Cube overview [AX 2012]
Updated: November 26, 2013
Applies To: Microsoft Dynamics AX 2012 R2, Microsoft Dynamics AX 2012 Feature Pack, Microsoft Dynamics AX 2012
A cube is a multidimensional structure that provides the basis for developing Business Intelligence (BI) applications. This article describes the components of a cube so that you can better understand how to use a cube to analyze data.
A cube consists of a set of measures and dimension attributes. For Microsoft Dynamics AX analysis cubes, measures and dimensions are defined in the Application Object Tree (AOT). A perspective is used to identify the tables and views that contain the measures and dimensions.
A measure is a column in a table or view that contains quantifiable data, usually numeric, that can be aggregated. Measures correspond to something that users are interested in examining or analyzing; such as revenue, profit, or the total number of items sold. When you specify a measure, you must also specify an aggregate function that is used to aggregate the data. A cube has one or more measures.
Measures that you specify in Microsoft Dynamics AX are grouped into measure groups. For more information about measures and measure groups and how they are used in cubes, see Measures and Measure Groups (SQL Server Books Online). For information about how to define measures in Microsoft Dynamics AX, see How to: Specify Measures for a Cube.
You define measures at different levels and on different objects in the AOT using the Business Intelligence (BI) properties that appear in the Properties sheet. The following table describes the objects you can define measures and how they are used.
Extended data type
When you identify an extended data type as a measure, any field that references the extended data type will be a measure unless overridden on the table field.
An extended data type can extend another extended data type. If the base extended data type is a measure, you can either keep or override the settings from the base extended data type.
If the field is based on an extended data type that has already been identified as a measure, you can override the settings on the field.
There are two locations where you can identify a field as a measure.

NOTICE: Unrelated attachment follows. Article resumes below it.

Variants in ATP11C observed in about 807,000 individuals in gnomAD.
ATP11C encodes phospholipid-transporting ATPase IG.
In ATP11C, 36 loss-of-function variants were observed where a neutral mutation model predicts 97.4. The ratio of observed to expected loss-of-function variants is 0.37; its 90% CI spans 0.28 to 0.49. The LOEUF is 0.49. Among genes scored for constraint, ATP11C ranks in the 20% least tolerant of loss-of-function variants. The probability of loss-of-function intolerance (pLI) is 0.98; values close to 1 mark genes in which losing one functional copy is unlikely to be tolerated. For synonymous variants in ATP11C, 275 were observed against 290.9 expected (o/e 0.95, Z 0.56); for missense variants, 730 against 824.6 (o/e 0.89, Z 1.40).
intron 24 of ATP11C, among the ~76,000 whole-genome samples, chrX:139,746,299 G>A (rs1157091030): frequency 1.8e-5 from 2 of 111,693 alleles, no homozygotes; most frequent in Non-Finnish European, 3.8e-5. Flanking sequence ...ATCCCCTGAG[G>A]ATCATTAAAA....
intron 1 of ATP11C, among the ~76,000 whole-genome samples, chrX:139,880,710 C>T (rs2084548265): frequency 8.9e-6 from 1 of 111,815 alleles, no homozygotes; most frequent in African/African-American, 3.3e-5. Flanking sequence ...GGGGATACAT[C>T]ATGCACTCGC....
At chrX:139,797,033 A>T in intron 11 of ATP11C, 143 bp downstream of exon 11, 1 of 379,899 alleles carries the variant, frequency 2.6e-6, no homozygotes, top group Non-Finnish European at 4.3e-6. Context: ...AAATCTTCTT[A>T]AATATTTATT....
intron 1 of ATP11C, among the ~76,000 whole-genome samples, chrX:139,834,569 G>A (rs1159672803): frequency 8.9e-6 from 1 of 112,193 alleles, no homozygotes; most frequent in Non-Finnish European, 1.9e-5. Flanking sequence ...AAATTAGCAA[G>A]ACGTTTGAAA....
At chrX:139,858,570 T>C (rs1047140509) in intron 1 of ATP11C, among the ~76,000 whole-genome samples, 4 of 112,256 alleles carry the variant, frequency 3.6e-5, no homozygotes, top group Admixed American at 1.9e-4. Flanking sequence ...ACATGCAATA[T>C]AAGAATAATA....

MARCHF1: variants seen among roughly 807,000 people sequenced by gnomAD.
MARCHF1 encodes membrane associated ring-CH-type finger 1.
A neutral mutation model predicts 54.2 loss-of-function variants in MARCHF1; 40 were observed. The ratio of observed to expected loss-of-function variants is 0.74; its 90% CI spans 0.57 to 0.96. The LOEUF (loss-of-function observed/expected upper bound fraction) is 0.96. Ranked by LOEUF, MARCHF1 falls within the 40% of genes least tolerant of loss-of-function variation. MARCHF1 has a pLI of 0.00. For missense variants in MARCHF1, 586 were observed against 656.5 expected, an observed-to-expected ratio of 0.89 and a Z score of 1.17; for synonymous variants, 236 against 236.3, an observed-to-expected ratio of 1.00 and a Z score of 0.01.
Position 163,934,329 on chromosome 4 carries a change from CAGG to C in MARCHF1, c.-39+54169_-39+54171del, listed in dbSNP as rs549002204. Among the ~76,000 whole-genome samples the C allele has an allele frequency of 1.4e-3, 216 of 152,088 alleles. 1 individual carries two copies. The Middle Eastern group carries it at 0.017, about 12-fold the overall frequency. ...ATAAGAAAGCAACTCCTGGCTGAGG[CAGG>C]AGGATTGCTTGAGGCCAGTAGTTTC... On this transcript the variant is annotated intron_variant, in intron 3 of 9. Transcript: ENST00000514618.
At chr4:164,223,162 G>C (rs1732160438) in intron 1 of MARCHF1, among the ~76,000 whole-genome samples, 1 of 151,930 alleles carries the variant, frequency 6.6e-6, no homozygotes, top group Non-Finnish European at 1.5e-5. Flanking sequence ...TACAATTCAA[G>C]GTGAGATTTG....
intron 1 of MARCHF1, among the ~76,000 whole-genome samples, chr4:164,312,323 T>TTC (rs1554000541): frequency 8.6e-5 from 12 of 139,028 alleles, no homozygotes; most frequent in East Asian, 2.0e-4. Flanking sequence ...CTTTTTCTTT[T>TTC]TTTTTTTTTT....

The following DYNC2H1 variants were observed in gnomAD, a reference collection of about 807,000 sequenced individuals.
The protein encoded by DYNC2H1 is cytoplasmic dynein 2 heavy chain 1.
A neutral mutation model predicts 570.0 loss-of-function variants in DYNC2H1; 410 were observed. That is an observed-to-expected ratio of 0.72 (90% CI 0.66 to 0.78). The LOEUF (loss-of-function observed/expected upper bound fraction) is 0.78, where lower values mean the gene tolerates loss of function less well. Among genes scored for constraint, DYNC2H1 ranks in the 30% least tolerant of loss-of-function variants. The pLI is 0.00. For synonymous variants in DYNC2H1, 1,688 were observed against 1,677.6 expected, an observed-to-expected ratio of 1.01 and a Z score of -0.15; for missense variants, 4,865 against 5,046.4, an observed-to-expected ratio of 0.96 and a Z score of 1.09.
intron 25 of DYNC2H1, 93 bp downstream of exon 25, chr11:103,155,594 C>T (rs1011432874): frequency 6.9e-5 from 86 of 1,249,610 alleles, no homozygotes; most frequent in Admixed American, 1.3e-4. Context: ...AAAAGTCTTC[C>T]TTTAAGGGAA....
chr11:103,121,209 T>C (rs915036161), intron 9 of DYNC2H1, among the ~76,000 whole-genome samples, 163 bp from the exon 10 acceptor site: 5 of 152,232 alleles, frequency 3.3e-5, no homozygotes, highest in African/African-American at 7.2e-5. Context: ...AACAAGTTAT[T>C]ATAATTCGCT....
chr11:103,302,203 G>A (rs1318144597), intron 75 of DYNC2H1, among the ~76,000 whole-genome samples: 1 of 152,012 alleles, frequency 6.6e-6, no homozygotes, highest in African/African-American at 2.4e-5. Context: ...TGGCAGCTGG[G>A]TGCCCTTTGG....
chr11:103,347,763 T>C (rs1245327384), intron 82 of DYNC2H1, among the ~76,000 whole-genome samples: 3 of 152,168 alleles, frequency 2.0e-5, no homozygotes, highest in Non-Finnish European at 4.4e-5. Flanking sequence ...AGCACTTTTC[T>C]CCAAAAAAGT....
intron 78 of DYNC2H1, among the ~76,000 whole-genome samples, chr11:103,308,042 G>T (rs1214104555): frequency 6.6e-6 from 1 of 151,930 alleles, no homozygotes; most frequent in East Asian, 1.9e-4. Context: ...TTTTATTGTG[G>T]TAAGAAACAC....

Property settings that are supplied on the perspective override the settings from all other locations.
You can set AOT properties on tables, views, and fields to create analysis services dimensions and attributes. Attributes are fields or columns in a table or view in the AOT. Dimensions are groups of attributes.
After you define dimension and attribute properties, you add the dimension tables and views to a perspective to create a cube. If you do not want to specify dimensions and attributes directly on a table or view, you can create a perspective, and then add the dimension information to the perspective. For more information, see Create a perspective for a cube.
For more information about how dimensions are used in cubes, see Introduction to Dimensions (Analysis Services - Multidimensional Data) in SQL Server Books Online.
The relationships that are defined between dimensions and measure groups in a cube determine how the data in the cube is sliced. For Microsoft Dynamics AX cubes, relationships are generated based on the relationships that exist between the tables and views in the application. When you open a BI project in SQL Server Business Development Studio (BIDS), you can view the relationships that were generated when you click the Dimension Usage tab in Cube Designer. You can define additional relationships or modify existing relationships between dimensions and measure groups in Cube Designer. For more information, see Dimension Relationships in SQL Server Books Online.
A Key Performance Indicator (KPI) is a collection of calculations used to measure business success. A calculated member is a member of a dimension or measure group that is defined based on a combination of cube data, arithmetic operators, numbers, and functions. KPIs are added using Cube Designer in BIDS after a project has been generated. The calculations that make up a KPI are a combination of Multidimensional Expressions (MDX) and calculated members that are added using Cube Designer. A KPI generally consists of the value achieved, a goal, a status value, and the trend.